Prof Nir Oren, Dr Matthew Collinson, Prof Ben Martin, Dr Murilo Da Silva Baptista, Dr Morgiane Richard   

School Natural and Computing Sciences and Centre for Academic Development 

In STEM disciplines, and disciplines where mathematics are used extensively, the typesetting system LaTeX is widely used to write teaching material. LaTeX produces high-quality advanced mathematical content; however, it generates PDF documents that cannot be processed correctly by text-to-speech software. To be in line with accessibility regulations, recommendations are that course material be converted to HTML format.

There is currently no technology that can achieve a complete and error-free conversion; therefore, manual correction is almost always necessary. In this LTEP project, we are investigating which conversion method is most efficient for converting existing lecture material in the School of Natural and Computing Sciences. Our results will inform the creation of staff guides which we will share with all LaTeX users at the University. We also aim at documenting the performance of the text-to-speech Chrome add-on, ChromeVox, in reading MathJax mathematics.

Understanding, Developing And Demonstrating Resilience In The Context Of Employability

Tracey Innes

Careers and Employability Service, Directorate of People    

Resilience is cited as the most highly required skill over the next five years according to Institute of Student Employer (ISE) members surveyed in 2020.  This project explores employer insights and student perceptions of resilience in the context of employability.  Employer insights across a range of employment sectors and student perspectives from across a range of stages and disciplines of study will be captured.  Together, these insights seek to bring to life what resilience means and to understand questions and challenges around the topic of resilience in the context of employment.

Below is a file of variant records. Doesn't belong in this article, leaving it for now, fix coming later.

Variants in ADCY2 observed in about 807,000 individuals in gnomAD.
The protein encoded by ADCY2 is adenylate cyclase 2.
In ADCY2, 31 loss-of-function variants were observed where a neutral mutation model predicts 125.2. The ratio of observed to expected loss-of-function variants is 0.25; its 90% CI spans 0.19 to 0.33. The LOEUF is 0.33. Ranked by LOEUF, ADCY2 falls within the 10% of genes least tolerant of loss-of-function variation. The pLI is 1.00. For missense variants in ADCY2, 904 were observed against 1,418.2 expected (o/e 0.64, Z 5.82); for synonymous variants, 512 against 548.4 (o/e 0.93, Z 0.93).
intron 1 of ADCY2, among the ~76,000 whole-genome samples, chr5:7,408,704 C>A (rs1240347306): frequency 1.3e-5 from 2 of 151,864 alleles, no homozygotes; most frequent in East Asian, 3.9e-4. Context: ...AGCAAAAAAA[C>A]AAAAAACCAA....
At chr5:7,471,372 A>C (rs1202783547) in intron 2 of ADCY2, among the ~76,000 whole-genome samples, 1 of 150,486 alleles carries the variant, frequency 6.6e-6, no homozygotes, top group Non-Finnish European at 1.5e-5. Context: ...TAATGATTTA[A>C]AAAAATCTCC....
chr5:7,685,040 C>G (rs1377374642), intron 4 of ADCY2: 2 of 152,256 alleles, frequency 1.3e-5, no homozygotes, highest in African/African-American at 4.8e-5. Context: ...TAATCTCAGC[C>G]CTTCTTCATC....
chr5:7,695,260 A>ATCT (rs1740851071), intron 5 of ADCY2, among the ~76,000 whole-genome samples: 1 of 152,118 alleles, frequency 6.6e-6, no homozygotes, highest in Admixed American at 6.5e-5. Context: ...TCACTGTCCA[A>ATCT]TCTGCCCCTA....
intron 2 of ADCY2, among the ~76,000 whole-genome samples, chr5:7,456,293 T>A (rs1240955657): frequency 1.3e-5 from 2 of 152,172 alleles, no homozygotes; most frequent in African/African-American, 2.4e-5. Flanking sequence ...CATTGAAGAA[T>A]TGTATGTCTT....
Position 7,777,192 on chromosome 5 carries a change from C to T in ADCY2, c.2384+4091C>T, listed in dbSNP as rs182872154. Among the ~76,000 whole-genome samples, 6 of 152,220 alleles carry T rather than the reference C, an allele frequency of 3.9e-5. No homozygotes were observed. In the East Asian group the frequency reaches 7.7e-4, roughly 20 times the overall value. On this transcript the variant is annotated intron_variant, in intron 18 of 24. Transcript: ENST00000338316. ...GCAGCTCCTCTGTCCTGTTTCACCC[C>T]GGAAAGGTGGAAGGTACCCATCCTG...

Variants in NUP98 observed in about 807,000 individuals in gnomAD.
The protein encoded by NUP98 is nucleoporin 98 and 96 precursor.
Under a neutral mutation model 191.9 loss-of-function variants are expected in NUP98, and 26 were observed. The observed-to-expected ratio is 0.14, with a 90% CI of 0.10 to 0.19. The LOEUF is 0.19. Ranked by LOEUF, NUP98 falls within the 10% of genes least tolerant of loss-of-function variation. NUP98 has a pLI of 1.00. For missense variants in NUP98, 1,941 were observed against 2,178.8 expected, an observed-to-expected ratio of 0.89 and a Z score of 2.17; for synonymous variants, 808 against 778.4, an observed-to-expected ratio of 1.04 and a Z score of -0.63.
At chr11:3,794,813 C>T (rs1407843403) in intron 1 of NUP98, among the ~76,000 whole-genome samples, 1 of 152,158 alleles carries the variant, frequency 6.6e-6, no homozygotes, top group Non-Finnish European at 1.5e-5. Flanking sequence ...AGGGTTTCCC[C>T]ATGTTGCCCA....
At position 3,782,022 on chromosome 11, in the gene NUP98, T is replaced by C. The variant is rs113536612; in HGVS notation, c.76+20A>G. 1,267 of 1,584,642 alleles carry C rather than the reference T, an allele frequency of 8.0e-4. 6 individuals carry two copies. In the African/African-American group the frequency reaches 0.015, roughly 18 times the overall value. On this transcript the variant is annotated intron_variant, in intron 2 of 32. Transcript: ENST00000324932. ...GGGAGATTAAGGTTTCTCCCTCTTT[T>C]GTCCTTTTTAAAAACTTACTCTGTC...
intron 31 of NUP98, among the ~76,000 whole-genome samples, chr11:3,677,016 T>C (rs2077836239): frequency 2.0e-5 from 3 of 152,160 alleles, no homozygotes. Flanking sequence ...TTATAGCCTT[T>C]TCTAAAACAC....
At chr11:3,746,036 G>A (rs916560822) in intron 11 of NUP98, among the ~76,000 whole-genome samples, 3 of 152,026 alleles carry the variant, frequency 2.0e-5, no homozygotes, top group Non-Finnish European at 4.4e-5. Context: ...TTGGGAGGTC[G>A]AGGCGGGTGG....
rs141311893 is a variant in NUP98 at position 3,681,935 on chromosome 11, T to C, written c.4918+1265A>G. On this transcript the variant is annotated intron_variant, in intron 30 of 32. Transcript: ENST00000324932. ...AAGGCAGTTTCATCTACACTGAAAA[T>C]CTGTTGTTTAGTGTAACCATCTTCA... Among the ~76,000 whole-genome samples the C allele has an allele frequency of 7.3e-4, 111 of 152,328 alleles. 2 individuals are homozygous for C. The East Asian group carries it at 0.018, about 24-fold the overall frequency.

The project output will be development of a Resilience Employability Toolkit for students and graduates.

The Bridge Between: Arab Voices And Stories Of Coping

Dr Lyn Batchelor

The Qatar Campus of the University of Aberdeen

 The Bridge Between is project for students, by students that will hear the voices of our Arab students enrolled on both our Aberdeen and Doha campuses. The project will provide a framework to aid the development of resilient Arab learning communities at both campuses and roll out to support wider international students based in Aberdeen.

We are motivated by findings of a survey conducted by the Qatar Campus Student Representatives which revealed the wide-spread occurrence of anxiety, mental health concerns and depression among the undergraduate student body. Contextually, the middle east region traditionally stigmatises mental health issues, while British universities encourage conversations about mental health. This could raise difficulties for individuals.

Arab students welcome the connection between the two campus and are especially curious about the mental health stigma in their neighbouring homelands. Most heartening for them was that they were going to be heard and heard by someone “like them”.